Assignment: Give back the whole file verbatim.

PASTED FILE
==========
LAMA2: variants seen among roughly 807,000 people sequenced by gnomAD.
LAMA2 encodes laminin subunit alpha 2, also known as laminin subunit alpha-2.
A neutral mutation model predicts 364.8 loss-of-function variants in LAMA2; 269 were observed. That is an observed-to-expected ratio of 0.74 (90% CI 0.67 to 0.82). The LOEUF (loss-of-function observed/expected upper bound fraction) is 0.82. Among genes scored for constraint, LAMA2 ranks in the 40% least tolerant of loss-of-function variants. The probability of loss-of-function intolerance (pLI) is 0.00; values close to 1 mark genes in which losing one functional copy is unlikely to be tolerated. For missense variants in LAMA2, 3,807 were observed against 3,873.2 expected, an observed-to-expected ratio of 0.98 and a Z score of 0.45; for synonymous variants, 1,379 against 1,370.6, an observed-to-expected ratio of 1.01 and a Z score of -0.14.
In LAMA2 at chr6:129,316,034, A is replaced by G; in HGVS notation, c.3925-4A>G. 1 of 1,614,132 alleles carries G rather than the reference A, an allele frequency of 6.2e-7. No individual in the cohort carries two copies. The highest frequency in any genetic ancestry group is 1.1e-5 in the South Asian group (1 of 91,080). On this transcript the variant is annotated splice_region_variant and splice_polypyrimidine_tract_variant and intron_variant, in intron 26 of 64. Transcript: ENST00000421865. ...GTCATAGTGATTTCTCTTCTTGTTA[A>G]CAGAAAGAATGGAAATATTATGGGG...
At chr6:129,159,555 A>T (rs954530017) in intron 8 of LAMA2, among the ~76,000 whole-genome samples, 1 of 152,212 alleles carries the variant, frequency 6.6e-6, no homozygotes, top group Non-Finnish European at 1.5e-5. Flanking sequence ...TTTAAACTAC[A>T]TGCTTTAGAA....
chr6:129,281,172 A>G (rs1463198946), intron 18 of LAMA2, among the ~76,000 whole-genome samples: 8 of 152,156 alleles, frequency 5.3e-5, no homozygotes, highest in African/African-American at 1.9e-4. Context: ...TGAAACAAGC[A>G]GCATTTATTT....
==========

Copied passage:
LAMA2: variants seen among roughly 807,000 people sequenced by gnomAD.
LAMA2 encodes laminin subunit alpha 2, also known as laminin subunit alpha-2.
A neutral mutation model predicts 364.8 loss-of-function variants in LAMA2; 269 were observed. That is an observed-to-expected ratio of 0.74 (90% CI 0.67 to 0.82). The LOEUF (loss-of-function observed/expected upper bound fraction) is 0.82. Among genes scored for constraint, LAMA2 ranks in the 40% least tolerant of loss-of-function variants. The probability of loss-of-function intolerance (pLI) is 0.00; values close to 1 mark genes in which losing one functional copy is unlikely to be tolerated. For missense variants in LAMA2, 3,807 were observed against 3,873.2 expected, an observed-to-expected ratio of 0.98 and a Z score of 0.45; for synonymous variants, 1,379 against 1,370.6, an observed-to-expected ratio of 1.01 and a Z score of -0.14.
In LAMA2 at chr6:129,316,034, A is replaced by G; in HGVS notation, c.3925-4A>G. 1 of 1,614,132 alleles carries G rather than the reference A, an allele frequency of 6.2e-7. No individual in the cohort carries two copies. The highest frequency in any genetic ancestry group is 1.1e-5 in the South Asian group (1 of 91,080). On this transcript the variant is annotated splice_region_variant and splice_polypyrimidine_tract_variant and intron_variant, in intron 26 of 64. Transcript: ENST00000421865. ...GTCATAGTGATTTCTCTTCTTGTTA[A>G]CAGAAAGAATGGAAATATTATGGGG...
At chr6:129,159,555 A>T (rs954530017) in intron 8 of LAMA2, among the ~76,000 whole-genome samples, 1 of 152,212 alleles carries the variant, frequency 6.6e-6, no homozygotes, top group Non-Finnish European at 1.5e-5. Flanking sequence ...TTTAAACTAC[A>T]TGCTTTAGAA....
chr6:129,281,172 A>G (rs1463198946), intron 18 of LAMA2, among the ~76,000 whole-genome samples: 8 of 152,156 alleles, frequency 5.3e-5, no homozygotes, highest in African/African-American at 1.9e-4. Context: ...TGAAACAAGC[A>G]GCATTTATTT....